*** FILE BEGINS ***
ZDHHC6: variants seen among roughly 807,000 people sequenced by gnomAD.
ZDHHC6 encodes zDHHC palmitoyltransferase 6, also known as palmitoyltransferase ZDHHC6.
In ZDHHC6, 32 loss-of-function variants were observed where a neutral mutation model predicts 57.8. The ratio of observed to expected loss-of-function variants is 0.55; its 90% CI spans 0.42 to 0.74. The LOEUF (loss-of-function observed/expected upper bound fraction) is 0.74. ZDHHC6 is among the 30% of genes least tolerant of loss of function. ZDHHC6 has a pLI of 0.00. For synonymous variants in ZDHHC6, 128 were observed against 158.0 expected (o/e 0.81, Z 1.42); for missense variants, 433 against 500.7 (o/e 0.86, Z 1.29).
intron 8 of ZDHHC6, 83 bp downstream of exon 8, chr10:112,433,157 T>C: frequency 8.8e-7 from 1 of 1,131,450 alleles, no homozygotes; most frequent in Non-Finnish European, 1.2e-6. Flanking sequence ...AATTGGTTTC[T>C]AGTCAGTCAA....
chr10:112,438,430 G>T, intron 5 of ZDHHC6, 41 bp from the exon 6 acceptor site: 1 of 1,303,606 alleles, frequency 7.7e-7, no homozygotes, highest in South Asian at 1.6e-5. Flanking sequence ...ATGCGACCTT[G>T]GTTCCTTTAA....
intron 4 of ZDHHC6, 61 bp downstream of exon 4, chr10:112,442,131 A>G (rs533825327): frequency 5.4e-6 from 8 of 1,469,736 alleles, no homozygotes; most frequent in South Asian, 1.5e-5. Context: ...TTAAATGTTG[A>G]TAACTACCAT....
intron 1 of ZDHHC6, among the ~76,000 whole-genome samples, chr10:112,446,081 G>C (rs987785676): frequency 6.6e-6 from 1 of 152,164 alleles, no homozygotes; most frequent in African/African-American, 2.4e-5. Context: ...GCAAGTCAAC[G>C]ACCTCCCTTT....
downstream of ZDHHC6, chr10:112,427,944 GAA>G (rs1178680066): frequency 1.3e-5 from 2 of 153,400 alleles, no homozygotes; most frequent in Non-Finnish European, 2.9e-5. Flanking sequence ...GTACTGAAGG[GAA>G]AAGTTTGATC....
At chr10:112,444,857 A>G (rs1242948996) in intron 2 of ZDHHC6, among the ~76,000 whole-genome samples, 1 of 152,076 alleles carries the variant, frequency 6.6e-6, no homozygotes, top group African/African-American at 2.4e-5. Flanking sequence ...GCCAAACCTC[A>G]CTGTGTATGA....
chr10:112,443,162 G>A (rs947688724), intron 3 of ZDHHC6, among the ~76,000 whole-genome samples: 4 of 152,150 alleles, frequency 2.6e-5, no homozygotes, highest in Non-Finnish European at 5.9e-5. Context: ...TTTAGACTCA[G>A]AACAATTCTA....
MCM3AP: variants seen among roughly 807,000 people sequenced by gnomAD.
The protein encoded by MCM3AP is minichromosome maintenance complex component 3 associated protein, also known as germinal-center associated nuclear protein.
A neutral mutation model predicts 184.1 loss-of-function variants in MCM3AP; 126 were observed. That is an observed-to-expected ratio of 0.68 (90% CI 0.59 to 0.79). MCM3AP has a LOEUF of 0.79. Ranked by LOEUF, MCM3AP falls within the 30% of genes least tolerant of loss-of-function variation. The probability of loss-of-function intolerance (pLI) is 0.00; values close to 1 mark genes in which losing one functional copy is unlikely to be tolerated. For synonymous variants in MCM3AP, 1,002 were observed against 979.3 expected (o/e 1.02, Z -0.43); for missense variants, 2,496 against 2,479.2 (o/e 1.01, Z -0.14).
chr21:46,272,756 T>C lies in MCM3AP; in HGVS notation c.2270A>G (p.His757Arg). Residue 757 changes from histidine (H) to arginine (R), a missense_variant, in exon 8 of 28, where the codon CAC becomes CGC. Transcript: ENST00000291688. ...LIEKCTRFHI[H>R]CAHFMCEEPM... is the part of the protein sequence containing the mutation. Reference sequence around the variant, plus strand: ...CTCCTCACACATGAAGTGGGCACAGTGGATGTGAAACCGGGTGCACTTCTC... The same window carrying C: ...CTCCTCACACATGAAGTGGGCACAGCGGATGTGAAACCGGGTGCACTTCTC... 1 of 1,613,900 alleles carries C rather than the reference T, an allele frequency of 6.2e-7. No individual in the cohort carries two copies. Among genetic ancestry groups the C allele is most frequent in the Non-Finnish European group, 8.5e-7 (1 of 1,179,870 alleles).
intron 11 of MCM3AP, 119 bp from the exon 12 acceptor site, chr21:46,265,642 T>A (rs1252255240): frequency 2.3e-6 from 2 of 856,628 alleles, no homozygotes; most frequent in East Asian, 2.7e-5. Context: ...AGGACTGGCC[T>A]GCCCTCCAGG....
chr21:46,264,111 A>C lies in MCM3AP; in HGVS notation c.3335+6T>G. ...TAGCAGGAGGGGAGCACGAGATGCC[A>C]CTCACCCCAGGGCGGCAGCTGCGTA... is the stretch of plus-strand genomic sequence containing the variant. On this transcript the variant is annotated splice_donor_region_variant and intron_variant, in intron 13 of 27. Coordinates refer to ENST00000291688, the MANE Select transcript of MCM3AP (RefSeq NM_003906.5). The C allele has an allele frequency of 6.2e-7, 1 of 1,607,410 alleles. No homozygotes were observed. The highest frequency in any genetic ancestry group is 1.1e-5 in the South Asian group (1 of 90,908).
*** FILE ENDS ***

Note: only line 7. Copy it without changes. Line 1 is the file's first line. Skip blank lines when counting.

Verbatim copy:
intron 1 of ZDHHC6, among the ~76,000 whole-genome samples, chr10:112,446,081 G>C (rs987785676): frequency 6.6e-6 from 1 of 152,164 alleles, no homozygotes; most frequent in African/African-American, 2.4e-5. Context: ...GCAAGTCAAC[G>C]ACCTCCCTTT....